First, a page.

Most people still believe that investing is only for the wealthy. In fact, investments, however small, can pay interest or dividends. With as little as $1,600 and a discount online brokerage account, one can start buying dividend-paying stocks and unit trusts such as REITs (Real Estate Investment Trusts). The key is to start small and keep adding to the investment over a long period of time to let it grow.

My parents used savings accounts and diligently set aside money every month, but they truly could have gained from receiving higher returns for their hard-earned money if these vehicles were available to them. Investing in this way has only become really accessible in the last decade, so it would serve us all to understand how to use them to our advantage. Young people have the luxury of time. If we can teach our kids to start investing early, their battle is half won.


1. The Money Tree


During the gold rush in the American west, people had one thing in mind – to get rich quickly. An interesting book titled Oakland “Athens of the Pacific” from 1897, contains a line which reads:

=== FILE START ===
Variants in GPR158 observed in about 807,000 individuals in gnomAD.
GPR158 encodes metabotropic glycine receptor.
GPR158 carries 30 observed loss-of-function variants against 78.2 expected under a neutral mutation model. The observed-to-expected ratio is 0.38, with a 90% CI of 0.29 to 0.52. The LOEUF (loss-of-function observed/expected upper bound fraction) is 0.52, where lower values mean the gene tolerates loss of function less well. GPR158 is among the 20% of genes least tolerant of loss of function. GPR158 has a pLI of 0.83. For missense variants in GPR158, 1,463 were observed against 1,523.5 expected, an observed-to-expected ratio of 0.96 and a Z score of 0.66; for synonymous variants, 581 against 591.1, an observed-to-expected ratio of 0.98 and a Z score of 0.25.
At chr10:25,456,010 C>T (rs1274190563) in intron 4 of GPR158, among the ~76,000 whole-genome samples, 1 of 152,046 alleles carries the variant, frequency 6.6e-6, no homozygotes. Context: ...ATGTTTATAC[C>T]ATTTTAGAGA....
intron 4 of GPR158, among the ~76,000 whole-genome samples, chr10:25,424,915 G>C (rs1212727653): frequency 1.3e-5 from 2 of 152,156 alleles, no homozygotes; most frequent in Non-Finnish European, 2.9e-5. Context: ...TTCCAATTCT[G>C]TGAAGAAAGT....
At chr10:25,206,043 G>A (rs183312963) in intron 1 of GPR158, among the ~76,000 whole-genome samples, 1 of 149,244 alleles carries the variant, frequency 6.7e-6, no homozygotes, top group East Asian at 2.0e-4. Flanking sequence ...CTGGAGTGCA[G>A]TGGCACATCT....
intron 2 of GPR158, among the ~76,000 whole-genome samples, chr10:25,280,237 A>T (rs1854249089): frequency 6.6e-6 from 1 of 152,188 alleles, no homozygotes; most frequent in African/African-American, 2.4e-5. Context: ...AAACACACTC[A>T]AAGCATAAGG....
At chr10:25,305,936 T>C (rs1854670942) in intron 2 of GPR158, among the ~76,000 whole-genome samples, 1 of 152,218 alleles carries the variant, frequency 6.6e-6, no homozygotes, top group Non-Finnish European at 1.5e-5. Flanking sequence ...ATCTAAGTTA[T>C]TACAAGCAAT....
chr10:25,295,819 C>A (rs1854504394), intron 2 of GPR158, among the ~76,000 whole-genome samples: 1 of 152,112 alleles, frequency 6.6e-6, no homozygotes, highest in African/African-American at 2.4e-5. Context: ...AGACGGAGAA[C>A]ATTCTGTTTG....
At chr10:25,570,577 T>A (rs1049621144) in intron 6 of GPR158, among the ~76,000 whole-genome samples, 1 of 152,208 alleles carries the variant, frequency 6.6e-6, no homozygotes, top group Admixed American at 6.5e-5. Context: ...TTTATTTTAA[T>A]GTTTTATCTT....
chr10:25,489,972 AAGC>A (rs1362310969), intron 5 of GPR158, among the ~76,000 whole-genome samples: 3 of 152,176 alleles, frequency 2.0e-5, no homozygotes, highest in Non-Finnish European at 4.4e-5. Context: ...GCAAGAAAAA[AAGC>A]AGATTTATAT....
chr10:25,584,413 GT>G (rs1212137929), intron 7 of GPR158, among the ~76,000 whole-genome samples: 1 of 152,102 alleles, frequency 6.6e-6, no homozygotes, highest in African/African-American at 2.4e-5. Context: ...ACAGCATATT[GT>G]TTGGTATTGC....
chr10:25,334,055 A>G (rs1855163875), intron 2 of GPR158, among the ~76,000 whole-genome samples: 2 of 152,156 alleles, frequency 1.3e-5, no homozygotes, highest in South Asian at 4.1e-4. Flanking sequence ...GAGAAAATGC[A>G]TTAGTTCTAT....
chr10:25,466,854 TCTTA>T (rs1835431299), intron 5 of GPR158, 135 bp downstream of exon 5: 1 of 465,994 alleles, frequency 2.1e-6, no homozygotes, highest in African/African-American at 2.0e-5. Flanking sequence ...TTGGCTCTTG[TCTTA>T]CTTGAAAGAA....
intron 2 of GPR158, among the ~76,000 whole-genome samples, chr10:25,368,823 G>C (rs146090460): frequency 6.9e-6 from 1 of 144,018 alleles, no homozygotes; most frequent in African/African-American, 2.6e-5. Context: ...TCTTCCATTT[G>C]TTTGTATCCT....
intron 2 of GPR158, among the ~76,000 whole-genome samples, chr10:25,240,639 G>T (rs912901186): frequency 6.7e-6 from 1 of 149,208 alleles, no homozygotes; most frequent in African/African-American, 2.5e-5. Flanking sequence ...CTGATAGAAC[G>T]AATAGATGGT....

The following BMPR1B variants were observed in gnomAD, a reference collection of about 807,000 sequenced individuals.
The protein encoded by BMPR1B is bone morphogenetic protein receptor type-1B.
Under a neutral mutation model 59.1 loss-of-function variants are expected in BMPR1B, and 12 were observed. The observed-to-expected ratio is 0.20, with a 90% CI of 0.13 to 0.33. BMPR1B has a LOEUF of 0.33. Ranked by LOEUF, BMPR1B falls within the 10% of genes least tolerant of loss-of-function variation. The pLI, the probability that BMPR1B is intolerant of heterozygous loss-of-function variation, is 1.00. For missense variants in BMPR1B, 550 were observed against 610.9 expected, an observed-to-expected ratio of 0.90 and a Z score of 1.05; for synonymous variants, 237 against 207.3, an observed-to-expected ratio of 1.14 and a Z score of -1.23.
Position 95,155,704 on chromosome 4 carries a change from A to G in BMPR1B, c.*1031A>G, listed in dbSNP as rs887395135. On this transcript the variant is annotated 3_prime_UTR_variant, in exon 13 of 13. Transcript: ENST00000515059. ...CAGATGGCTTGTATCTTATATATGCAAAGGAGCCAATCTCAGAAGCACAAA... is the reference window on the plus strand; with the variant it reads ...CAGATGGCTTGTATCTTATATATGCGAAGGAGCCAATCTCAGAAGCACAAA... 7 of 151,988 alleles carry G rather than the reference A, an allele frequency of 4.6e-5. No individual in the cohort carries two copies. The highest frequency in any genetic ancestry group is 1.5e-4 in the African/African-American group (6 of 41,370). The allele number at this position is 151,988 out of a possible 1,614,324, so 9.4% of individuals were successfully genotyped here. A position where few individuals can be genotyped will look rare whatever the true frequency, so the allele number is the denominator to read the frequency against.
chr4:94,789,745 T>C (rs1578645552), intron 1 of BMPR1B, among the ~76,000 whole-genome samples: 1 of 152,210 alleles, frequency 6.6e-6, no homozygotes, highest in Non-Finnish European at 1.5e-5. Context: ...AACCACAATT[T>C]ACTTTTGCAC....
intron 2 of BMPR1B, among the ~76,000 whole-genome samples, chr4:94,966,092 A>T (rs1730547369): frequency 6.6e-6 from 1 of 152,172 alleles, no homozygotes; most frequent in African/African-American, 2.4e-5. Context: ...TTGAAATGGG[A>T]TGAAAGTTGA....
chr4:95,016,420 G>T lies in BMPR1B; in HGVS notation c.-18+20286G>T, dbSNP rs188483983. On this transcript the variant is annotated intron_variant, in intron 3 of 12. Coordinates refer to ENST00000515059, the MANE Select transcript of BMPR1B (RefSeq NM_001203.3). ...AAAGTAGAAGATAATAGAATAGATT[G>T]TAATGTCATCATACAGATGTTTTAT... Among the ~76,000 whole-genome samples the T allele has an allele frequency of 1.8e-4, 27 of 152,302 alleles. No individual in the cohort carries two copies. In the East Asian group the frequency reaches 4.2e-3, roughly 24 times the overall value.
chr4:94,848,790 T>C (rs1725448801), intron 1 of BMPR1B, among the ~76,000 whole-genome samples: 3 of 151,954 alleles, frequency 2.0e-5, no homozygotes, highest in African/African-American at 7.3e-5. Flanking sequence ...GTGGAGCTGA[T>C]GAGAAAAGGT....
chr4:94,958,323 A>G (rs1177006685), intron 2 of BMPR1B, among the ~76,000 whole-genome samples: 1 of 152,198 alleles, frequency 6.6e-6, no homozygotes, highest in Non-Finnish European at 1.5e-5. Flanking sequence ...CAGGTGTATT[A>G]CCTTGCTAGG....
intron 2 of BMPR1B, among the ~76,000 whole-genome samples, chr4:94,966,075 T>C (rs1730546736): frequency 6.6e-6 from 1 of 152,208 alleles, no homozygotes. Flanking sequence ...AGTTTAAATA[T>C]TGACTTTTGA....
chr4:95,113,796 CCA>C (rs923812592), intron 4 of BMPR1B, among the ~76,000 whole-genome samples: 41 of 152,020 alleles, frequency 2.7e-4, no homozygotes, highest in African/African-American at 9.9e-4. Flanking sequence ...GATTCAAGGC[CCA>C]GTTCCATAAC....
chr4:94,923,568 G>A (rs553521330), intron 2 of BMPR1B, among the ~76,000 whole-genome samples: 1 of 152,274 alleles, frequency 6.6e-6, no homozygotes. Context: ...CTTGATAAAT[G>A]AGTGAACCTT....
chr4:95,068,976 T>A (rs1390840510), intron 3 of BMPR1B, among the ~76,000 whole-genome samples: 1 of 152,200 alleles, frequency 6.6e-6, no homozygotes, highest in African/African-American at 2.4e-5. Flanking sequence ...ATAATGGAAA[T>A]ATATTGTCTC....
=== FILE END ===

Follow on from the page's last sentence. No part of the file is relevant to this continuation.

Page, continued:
“Gold doesn’t grow on trees in Alameda County. Don’t come here with an idea that it does.”

(source: KnowYourPhrase.com)

There’s also a saying: “Money doesn’t grow on trees”. What this means is that money doesn’t appear from nowhere. But here’s another truth: yes, there really is something which can grow money. It’s known as compound interest. But just like a tree, you have to water it regularly. How to do this? Simply set up the irrigation for your tree once (automatic monthly payment) and your tree will grow. Once you get your first pay cheque, set up a withdrawal to a savings account of $50 or even $20 and forget about it. And don’t touch it. It will grow if you just let it be. This regular payment to your money tree is a necessity with the same value as brushing our teeth.

My grandfather used this principle and this is why he was able to retire at a relatively young age and, although not wealthy at all, he enjoyed a comfortable retirement. Young kids are not able to grasp the concept of retirement yet, but for them, the motivation for their money tree could be to save for a trip to Europe or their first car.

As parents, our deepest wish is that our kids would be secure and have a good life, so our job is to show them how to build security in a sustainable way. If we start early, we can all raise money-savvy kids.